; however, cellular immunity might play an important role in eradicating NiV infection. We tested two MV vectors, based on our previous experiences where we have observed that rMV-HL-based vaccines sometimes elicit a stronger effect than rMV-Ed-based vaccines. Both rMV-HL-G and rMV-Ed-G induced well protective effect in hamsters against NiV challenge.
The HL strain is isolated from patient and still possesses weak virulence in monkeys. On the other hand, the Edmonston strain was first licensed vaccine in United States in 1963, and further attenuated vaccine derived from the Edmonston strain is widely adopted in the world. Aiming at early practical use, we tested the recombinant Edomonston vaccine in this monkey study. Vaccinated monkeys did not show any symptoms of NiV infection. We used a lower titer (105 TCID50) of NiV for challenge in this experiment, to observe symptoms of infected monkeys for a slightly longer period than those with 106 TCID50. This dose did not induce a lethal pathology, even in unvaccinated individuals. However, histopathological and clinical observations of monkeys indicated that those challenged with NiV did suffer from a severe illness, with unimmunized monkeys found to also have lesions in their brains. The rMV-Ed-G vaccine did completely protect vaccinated monkeys from infection. Further, NiV challenge caused pathological changes in the brain, which has been widely documented in human cases. This observation might be due to slow spreading of the virus in animals challenged with a lower dose.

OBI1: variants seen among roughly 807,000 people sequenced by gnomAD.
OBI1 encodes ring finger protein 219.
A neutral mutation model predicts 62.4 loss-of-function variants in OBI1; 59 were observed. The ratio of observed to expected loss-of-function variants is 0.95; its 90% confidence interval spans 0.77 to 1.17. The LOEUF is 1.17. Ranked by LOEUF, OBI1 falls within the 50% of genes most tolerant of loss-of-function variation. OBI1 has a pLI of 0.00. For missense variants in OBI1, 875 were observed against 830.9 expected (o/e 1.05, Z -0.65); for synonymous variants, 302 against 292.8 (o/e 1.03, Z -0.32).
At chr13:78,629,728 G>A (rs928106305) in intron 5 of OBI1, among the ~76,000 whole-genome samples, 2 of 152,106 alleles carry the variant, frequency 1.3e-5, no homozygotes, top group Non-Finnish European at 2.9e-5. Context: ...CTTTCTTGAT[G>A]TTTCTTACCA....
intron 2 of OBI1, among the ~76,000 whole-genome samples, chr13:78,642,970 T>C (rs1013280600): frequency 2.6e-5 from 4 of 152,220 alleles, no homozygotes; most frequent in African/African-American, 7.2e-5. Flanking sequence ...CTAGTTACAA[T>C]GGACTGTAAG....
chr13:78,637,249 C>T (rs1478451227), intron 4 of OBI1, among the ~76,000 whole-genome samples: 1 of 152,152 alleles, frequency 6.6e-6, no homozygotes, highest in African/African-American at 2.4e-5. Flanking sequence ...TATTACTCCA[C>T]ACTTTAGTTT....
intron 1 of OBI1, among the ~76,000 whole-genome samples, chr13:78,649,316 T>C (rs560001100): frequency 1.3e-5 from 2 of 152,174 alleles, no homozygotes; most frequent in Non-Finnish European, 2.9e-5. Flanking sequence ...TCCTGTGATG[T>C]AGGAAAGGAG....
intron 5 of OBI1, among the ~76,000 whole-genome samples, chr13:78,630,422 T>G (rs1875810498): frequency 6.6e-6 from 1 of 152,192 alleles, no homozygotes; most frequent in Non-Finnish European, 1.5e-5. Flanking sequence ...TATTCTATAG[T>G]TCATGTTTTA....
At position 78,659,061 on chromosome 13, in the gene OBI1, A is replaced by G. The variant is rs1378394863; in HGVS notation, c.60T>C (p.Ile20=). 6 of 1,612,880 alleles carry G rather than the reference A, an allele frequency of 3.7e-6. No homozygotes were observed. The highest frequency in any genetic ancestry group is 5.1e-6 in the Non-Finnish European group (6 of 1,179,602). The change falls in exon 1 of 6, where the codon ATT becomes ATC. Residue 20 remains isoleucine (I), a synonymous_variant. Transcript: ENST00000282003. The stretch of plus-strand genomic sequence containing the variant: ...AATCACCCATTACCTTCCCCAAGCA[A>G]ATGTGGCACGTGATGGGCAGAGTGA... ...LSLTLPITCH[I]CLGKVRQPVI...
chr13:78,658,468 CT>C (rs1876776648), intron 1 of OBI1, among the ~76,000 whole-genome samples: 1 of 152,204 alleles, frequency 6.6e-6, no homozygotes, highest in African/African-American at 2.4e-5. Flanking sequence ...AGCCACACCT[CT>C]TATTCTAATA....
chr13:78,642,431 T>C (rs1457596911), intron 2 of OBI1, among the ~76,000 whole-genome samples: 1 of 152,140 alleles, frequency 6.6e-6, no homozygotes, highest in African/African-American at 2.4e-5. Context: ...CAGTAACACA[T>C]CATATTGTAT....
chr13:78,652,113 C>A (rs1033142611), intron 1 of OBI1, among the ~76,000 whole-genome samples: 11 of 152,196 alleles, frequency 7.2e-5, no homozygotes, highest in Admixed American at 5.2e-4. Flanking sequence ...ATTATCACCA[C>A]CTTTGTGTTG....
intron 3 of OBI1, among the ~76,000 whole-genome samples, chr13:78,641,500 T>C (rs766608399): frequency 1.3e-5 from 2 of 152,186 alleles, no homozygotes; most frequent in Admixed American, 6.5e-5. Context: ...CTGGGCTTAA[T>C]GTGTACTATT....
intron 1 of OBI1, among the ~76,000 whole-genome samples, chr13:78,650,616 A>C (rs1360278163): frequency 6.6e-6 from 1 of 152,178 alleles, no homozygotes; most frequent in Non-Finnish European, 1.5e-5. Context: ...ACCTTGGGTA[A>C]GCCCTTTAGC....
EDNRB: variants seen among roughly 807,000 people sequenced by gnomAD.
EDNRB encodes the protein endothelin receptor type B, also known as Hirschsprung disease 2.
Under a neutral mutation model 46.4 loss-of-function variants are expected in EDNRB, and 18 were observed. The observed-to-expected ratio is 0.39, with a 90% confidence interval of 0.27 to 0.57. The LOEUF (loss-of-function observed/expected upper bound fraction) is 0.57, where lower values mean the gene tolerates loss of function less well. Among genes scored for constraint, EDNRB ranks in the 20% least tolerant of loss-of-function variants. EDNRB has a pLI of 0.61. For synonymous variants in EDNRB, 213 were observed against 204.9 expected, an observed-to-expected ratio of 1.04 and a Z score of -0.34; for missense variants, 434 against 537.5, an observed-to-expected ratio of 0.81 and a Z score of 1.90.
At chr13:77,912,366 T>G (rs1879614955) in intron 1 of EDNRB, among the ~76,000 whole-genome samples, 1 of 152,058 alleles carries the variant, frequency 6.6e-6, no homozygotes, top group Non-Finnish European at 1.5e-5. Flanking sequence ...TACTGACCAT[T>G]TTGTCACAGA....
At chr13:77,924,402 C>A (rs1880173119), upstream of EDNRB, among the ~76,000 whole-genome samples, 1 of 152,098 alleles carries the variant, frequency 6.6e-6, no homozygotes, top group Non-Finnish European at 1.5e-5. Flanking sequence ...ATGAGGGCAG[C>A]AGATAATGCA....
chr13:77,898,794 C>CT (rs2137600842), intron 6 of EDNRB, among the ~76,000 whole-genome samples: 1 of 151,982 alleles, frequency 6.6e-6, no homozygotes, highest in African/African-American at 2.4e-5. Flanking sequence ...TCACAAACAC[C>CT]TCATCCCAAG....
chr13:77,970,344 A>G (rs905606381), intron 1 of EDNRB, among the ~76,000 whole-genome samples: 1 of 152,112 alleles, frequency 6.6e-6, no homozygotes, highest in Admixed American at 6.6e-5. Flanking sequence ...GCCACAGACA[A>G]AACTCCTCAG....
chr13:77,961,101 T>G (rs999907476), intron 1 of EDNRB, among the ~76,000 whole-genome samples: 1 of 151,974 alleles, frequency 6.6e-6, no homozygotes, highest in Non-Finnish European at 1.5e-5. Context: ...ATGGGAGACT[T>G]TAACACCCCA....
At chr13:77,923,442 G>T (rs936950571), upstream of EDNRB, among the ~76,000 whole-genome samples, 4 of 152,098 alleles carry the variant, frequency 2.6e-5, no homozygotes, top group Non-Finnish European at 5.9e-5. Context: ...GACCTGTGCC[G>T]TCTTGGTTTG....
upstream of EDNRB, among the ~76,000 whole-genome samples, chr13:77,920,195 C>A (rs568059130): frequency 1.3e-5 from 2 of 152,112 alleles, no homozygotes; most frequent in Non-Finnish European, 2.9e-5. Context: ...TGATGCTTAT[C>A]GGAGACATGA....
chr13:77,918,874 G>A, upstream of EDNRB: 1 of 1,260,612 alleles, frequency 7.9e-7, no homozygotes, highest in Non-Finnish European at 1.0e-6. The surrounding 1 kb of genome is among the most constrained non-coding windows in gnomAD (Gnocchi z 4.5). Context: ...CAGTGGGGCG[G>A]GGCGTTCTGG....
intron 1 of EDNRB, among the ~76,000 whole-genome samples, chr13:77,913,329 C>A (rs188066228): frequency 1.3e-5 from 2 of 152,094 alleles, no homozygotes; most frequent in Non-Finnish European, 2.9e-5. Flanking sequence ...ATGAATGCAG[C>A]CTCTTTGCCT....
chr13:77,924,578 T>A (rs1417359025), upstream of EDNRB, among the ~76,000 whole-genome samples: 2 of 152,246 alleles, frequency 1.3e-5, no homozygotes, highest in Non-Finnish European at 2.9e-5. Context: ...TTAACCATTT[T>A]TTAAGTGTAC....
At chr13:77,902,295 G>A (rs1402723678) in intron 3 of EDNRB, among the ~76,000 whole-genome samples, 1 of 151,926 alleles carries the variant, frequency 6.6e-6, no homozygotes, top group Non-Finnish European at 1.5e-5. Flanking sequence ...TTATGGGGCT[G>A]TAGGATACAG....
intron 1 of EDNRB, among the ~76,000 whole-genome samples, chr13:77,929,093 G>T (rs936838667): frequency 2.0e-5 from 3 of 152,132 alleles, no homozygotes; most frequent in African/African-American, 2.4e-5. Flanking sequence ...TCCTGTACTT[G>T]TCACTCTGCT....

NiV is highly virulent and has a broad host range, causing respiratory and neurological symptoms that often lead to encephalitis. The rate of mortality in humans range from 40–92% 
. To date, no vaccine for NiV disease has been developed that is both safe and protective in humans. Our recombinant MV-Ed-G vaccine has the potential to elicit long-term immunity against both MV and NiV in children and adults located in endemic areas. Therefore we believe it is an effective vaccine candidate for human use. We were only able to use two monkeys for vaccination in this study, as the costs of non-human primate and spaces for animal experimentation in BSL4 facility were prohibitive. Further studies in greater number of monkeys will be necessary to validate the safety and efficacy of our vaccine candidate.